New owners bring Choctaw back to pilgrimage lineup

Published 12:04 am Wednesday, September 16, 2015

BEN HILLYER/THE NATCHEZ DEMOCRAT — David Garner and R. Lee Glover have brought the antebellum house Choctaw back to life. The house on Wall Street is filled with furnishing of the time period.

BEN HILLYER/THE NATCHEZ DEMOCRAT — David Garner and R. Lee Glover have brought the antebellum house Choctaw back to life. The house on Wall Street is filled with furnishing of the time period.

Sitting atop a raised basement, Choctaw Hall stands tall on North Wall Street.

And after climbing its mirrored staircase, which frames stately Roman columns, the grandeur continues inside where rooms lavishly display generations’ worth of custom-made curtains, table settings, artwork and more.

Some might say the mansion is over the top.

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David Garner says it’s just Southern.

“My great-grandfather said in his diary that a room should be correctly appointed — never decorated,” said Garner, who purchased Choctaw with his business partner R. Lee Glover in March 2014. “It’s the Southern way.”

Since Garner moved to Natchez from Scott, Ark., he has been working day and night to get the four-floor mansion ready for its big debut — Fall Pilgrimage, Natchez’s annual tour of antebellum homes sponsored by the Natchez Garden Club and the Pilgrimage Garden Club.

Installing curtains imported from Paris and rewiring European chandeliers are just a few things Garner has recently checked off his to-do list.

“We started feverishly on the renovations right when we purchased it,” Garner said. “It was unexpected we would be on Fall Pilgrimage, but it’s good, it gave us a deadline to get the house ready.”

Garner comes off modest when speaking of the work he’s done to the impressive house, which was built in 1836 and features a blend of Greek revival and Federal styles.

One step through the doors, however, and the mansion appears ready to greet the thousands of tourists who visit Natchez for the annual tours.

The table setting in the formal dining room is already set, boasting a blend of family china.

“Thank goodness we didn’t have to purchase too many things, because most of it was from family,” Garner said. “This table reflects four complete collections of porcelain from seven generations.”

And while Garner admits getting the house Pilgrimage-ready has been a feat, he is seasoned in the field of getting a house prepared for tourists.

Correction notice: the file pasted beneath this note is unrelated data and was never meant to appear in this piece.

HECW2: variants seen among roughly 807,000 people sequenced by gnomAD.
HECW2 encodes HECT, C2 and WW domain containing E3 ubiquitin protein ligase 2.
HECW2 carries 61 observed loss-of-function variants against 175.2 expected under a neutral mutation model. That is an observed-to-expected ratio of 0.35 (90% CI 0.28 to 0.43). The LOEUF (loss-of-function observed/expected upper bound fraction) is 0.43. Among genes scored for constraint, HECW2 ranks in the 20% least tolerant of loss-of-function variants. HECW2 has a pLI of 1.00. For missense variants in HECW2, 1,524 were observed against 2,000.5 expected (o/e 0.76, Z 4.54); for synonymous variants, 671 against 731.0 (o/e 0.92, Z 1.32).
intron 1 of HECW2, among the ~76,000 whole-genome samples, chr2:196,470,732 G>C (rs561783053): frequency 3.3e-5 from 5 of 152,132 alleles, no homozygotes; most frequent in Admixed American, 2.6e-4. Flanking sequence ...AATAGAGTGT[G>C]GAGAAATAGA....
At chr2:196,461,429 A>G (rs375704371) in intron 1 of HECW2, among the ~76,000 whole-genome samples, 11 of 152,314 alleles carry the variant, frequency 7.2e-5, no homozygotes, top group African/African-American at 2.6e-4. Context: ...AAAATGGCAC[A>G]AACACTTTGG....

“This isn’t my first rodeo,” he said.

Garner most recently restored the Marlsgate Plantation in Scott, Ark.

With roots in Natchez, Garner said he always wanted to return to the bluff city, though.

“My business partner and I decided it would be nice to have a retreat in Natchez because we come down here for the tours all the time,” he said. “We looked at a couple of cottages at first, and I said, ‘You didn’t say anything about scaling down.’”

At first glance, Garner said he knew he wanted to restore Choctaw to its heyday beauty.

All furnishings are time-period sensitive, he said.

“A lot of avant-garde things had been done to the house previously,” he said. “It was way out of context, and we wanted to change that.”

One feature Garner said he is especially excited to showcase is the mansion’s elliptical staircase, which features an unbroken handrail and leads to the top floor — Garner’s “palm room.”

“At first I was going to make it into a ballroom, then I asked myself, ‘Lord, how many times am I going to have a party up here?’” Garner said with a laugh.

His second option for the cozy attic getaway was far from lackluster, though.

Garner plans to fill the house’s top floor with exotic plants for guests to admire.

Sun beaming in from the windows will be more than enough light for the plants, he said.

“I deplore going to a house where they won’t let you see everything,” he said. “We’re going to show all four floors here.”

And while the house appears immaculate in presentation, Garner points out it is still a home.

“People love to see a home where people really live, where the cats and dogs run through,” he said. “We really live here, and we love it.”

Fall Pilgrimage begins Sept. 25 and ends Oct. 12. For more information on the tours, visit or call 601-446-6631.